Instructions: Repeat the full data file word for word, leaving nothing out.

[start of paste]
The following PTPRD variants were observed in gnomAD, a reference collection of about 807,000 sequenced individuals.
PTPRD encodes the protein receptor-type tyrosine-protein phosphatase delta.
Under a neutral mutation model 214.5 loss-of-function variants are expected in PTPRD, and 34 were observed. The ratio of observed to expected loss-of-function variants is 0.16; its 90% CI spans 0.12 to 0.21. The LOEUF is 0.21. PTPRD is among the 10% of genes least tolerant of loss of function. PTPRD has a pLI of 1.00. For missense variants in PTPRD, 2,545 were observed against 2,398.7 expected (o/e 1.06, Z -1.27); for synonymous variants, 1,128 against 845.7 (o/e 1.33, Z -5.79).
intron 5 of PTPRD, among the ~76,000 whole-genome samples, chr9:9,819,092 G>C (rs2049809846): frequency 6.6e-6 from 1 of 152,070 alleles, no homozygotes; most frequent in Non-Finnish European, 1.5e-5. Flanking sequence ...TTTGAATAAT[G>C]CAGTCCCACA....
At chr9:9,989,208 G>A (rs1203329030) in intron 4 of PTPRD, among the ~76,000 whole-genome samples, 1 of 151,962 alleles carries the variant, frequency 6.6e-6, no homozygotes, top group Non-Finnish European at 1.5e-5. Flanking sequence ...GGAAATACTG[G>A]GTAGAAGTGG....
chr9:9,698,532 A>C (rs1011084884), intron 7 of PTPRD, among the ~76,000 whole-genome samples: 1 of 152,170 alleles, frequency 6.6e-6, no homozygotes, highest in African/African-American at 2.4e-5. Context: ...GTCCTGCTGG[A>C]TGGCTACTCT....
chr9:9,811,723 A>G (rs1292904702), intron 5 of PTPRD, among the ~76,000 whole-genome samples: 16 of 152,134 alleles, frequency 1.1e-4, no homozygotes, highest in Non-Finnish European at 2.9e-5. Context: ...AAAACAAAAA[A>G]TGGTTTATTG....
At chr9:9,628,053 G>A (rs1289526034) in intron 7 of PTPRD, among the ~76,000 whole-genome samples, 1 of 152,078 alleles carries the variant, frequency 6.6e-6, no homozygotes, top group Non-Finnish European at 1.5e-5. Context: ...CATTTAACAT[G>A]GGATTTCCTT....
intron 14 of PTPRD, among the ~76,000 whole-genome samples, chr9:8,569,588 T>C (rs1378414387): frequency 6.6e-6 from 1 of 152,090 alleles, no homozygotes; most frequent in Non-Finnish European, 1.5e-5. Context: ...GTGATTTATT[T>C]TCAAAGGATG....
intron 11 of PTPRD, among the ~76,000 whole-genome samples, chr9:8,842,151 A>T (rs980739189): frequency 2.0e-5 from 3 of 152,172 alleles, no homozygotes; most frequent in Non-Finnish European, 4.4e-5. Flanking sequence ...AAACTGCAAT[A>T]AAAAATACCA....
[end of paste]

The following PTPRD variants were observed in gnomAD, a reference collection of about 807,000 sequenced individuals.
PTPRD encodes the protein receptor-type tyrosine-protein phosphatase delta.
Under a neutral mutation model 214.5 loss-of-function variants are expected in PTPRD, and 34 were observed. The ratio of observed to expected loss-of-function variants is 0.16; its 90% CI spans 0.12 to 0.21. The LOEUF is 0.21. PTPRD is among the 10% of genes least tolerant of loss of function. PTPRD has a pLI of 1.00. For missense variants in PTPRD, 2,545 were observed against 2,398.7 expected (o/e 1.06, Z -1.27); for synonymous variants, 1,128 against 845.7 (o/e 1.33, Z -5.79).
intron 5 of PTPRD, among the ~76,000 whole-genome samples, chr9:9,819,092 G>C (rs2049809846): frequency 6.6e-6 from 1 of 152,070 alleles, no homozygotes; most frequent in Non-Finnish European, 1.5e-5. Flanking sequence ...TTTGAATAAT[G>C]CAGTCCCACA....
At chr9:9,989,208 G>A (rs1203329030) in intron 4 of PTPRD, among the ~76,000 whole-genome samples, 1 of 151,962 alleles carries the variant, frequency 6.6e-6, no homozygotes, top group Non-Finnish European at 1.5e-5. Flanking sequence ...GGAAATACTG[G>A]GTAGAAGTGG....
chr9:9,698,532 A>C (rs1011084884), intron 7 of PTPRD, among the ~76,000 whole-genome samples: 1 of 152,170 alleles, frequency 6.6e-6, no homozygotes, highest in African/African-American at 2.4e-5. Context: ...GTCCTGCTGG[A>C]TGGCTACTCT....
chr9:9,811,723 A>G (rs1292904702), intron 5 of PTPRD, among the ~76,000 whole-genome samples: 16 of 152,134 alleles, frequency 1.1e-4, no homozygotes, highest in Non-Finnish European at 2.9e-5. Context: ...AAAACAAAAA[A>G]TGGTTTATTG....
At chr9:9,628,053 G>A (rs1289526034) in intron 7 of PTPRD, among the ~76,000 whole-genome samples, 1 of 152,078 alleles carries the variant, frequency 6.6e-6, no homozygotes, top group Non-Finnish European at 1.5e-5. Context: ...CATTTAACAT[G>A]GGATTTCCTT....
intron 14 of PTPRD, among the ~76,000 whole-genome samples, chr9:8,569,588 T>C (rs1378414387): frequency 6.6e-6 from 1 of 152,090 alleles, no homozygotes; most frequent in Non-Finnish European, 1.5e-5. Context: ...GTGATTTATT[T>C]TCAAAGGATG....
intron 11 of PTPRD, among the ~76,000 whole-genome samples, chr9:8,842,151 A>T (rs980739189): frequency 2.0e-5 from 3 of 152,172 alleles, no homozygotes; most frequent in Non-Finnish European, 4.4e-5. Flanking sequence ...AAACTGCAAT[A>T]AAAAATACCA....